Tuesday, November 25, 2008

Relieving Stress and Applying Lessons to Life after Namibia

Week 13: November 10-16
By: Danielle Veal, Latrease Davenport, & Michelle Munger

After traveling from the South, we came back to Windhoek for a week of classes and the normal stresses of being students in a foreign country. From classes, to our internships and volunteering, to community events, this week has been full of making memories and realizing that time here in Namibia is precious. To end a stressful but beneficial week, we had a tye-dying and t-shirt making community event. Feelings of unity shot through the group and I began feeling closer to my fellow classmates than I have in the past. It’s very important that we have an outlet, and this community event gave us a chance to relieve some of the stresses we’ve been carrying on our shoulders. Everyone’s creative juices were flowing and talents were shown. There were many proud faces and impressive projects created that night. We are starting to realize that the time is coming near for our departure from Namibia and our semester is almost over. Because of it, it’s easier to embrace the small moments that make us smile and the small memories that can only be lived once.

As a closing of the semester we spent this week’s history class having an Antiracism and Diversity Workshop. We have spent the semester discussing difficult issues of Apartheid and racism--making the issues personal for our lives and talking about bringing home what we have learned. Having a safe place for open dialogue has allowed each one of us to feel comfortable talking about issues of privilege. I (Michelle) realized how much I have taken for granted in every day situations and how my whole life things have come easy to me. I have never had to benefit from Affirmative Action or know that I was discriminated against because of my gender or skin tone. It has been difficult to accept the privilege without a sense of guilt. I am now trying to be more aware of when my privileges come into the picture and question them. Lastly, we discussed with others from our schools, how to bring home what we have learned and how we have changed. It is really important to make sure that our time here is not in vain. I have decided to make a conscious effort to always beware of the comments being said, even when only in jest. While dealing with these issues can be very uncomfortable, it is during those uncomfortable moments when I believe we can best learn from one another and learn about ourselves. I am really thankful to have opportunities like this one to make me reevaluate my opinions and thoughts about racism and diversity.

In Development Class this week, many of us signed up to visit different donor and international aid agencies around Windhoek. The students were fully responsible for setting up the visits to these agencies, as well as finding transportation to and from the meeting. This assignment also allowed us to learn more about international aid and how different countries are helping with the development process in Namibia. Some students visited GTZ, which is a German enterprise that works internationally in many different countries in the area of sustainable development. Other students took a trip to UNAID where they learned the difficulties aid agencies face with very little funding. On Friday, the entire class visited the USAID office in Windhoek. There, we met with Gloria, the UNAIDS Program Officer. During this meeting, she talked about possible career avenues that students can take after college. Gloria spoke very candidly on working abroad and some of the challenges that come with working for a governmental agency. Speaking with people who have been in her position allows students like us to think about our futures and the different opportunities that exist for careers abroad. Traveling abroad has opened many students’ eyes to perhaps living and working overseas, and some have even thought of raising a family in a foreign country. Although we are here to learn about Namibia and Southern Africa, we are also here to learn about ourselves and think and reflect upon where we want to be in the future.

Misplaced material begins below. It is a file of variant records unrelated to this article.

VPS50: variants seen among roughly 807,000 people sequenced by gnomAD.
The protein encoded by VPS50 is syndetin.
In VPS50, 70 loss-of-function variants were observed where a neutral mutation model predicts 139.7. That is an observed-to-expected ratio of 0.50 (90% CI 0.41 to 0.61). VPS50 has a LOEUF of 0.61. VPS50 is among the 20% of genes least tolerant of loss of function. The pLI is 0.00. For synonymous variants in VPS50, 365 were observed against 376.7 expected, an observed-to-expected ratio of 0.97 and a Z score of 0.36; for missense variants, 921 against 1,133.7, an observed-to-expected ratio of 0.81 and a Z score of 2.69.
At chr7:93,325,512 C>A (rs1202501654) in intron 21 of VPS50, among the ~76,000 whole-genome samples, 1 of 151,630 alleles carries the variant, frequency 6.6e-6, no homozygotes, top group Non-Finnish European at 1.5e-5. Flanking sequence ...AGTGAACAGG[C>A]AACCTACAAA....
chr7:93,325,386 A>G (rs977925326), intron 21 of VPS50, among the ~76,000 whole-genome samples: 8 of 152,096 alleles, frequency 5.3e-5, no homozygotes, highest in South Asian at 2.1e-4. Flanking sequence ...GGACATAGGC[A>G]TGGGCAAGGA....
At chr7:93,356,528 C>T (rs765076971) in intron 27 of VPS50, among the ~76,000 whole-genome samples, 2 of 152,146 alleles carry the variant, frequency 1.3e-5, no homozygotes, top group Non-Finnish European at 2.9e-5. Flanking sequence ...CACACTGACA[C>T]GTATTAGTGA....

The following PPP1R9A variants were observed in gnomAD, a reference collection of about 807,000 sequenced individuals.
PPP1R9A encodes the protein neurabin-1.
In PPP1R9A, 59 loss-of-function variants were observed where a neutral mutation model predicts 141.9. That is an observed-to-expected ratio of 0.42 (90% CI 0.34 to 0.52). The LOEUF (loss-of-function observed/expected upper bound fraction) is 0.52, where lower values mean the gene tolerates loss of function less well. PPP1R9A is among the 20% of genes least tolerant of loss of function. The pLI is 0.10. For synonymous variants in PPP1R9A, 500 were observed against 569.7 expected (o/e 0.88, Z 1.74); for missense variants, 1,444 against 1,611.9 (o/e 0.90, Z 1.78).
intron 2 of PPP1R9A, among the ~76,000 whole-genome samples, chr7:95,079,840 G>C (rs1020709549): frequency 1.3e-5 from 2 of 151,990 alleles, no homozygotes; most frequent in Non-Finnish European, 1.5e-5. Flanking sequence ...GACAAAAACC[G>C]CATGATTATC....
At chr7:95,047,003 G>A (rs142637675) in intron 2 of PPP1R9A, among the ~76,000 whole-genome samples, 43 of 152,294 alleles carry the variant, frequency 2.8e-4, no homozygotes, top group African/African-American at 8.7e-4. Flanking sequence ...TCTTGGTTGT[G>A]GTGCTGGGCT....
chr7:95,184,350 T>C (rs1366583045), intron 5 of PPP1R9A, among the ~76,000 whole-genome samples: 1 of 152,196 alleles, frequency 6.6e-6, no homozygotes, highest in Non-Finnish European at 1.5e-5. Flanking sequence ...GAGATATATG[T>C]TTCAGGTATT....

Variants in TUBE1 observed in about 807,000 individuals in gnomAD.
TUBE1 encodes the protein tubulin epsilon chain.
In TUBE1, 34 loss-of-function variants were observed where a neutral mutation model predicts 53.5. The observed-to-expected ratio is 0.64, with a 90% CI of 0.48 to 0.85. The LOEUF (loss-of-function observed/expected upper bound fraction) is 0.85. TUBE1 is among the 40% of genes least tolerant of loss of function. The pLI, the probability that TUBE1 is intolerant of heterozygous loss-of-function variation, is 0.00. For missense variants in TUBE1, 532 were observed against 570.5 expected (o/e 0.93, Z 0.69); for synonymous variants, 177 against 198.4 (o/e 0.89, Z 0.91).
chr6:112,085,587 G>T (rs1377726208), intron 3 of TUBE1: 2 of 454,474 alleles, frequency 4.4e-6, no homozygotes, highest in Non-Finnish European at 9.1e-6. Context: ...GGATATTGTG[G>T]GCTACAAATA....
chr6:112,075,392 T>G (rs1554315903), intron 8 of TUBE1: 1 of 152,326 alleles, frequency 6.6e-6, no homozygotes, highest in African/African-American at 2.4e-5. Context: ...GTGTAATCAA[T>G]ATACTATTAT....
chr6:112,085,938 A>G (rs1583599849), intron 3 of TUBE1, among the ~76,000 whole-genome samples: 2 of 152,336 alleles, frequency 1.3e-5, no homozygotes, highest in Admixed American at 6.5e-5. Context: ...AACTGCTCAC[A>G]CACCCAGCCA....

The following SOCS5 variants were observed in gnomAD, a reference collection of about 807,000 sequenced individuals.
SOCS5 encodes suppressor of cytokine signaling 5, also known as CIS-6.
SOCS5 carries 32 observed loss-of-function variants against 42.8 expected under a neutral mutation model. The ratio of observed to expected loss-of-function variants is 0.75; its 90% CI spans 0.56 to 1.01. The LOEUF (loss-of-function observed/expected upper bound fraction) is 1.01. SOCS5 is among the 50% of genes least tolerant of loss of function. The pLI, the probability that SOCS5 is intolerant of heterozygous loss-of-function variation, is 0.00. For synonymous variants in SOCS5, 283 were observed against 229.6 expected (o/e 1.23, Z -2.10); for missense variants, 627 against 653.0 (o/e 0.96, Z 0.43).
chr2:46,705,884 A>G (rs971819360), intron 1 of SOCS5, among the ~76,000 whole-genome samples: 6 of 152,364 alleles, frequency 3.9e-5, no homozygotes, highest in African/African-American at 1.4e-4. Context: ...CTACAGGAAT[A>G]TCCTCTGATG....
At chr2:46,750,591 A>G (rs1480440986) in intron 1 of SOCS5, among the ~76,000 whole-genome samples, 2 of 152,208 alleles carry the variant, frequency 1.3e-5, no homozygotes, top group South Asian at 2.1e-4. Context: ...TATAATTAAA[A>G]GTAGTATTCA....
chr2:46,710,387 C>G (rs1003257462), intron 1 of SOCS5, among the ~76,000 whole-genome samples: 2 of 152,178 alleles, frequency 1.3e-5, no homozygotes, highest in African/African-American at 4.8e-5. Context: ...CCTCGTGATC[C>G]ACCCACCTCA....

So now there’s only one a few more weeks of class. There are only a few more workdays at our internships, only a few more nights left in Windhoek. Everyday is a new experience and a new day to reflect and to gain knowledge to bring back to the states. Although we are all missing our family and friends very much, we are also dreading the moment in which we leave this country. So that’s why we’re trying to have as much fun as possible and learn as much as we can, and so we will never forget Namibia.


  1. Group Uniquesm during the Antiracism and Diversity Workshop (Michelle, Latrease, John and Jesse)
  2. Visiting the United Nations for Development Class (Michelle and Brittney)
  3. Tye-dying at the Community Event (Heidi, Meg, Eppie, Brittney, and Alana)
  4. Cooling off in the pool! (Latrease, Danielle, Rachel, Meg, and Heidi)

1 comment:

Lucy said...

It is really interesting post.

These kinds of community activities really help people in not only improving their personalities but also to stop stress especially when we are far from home.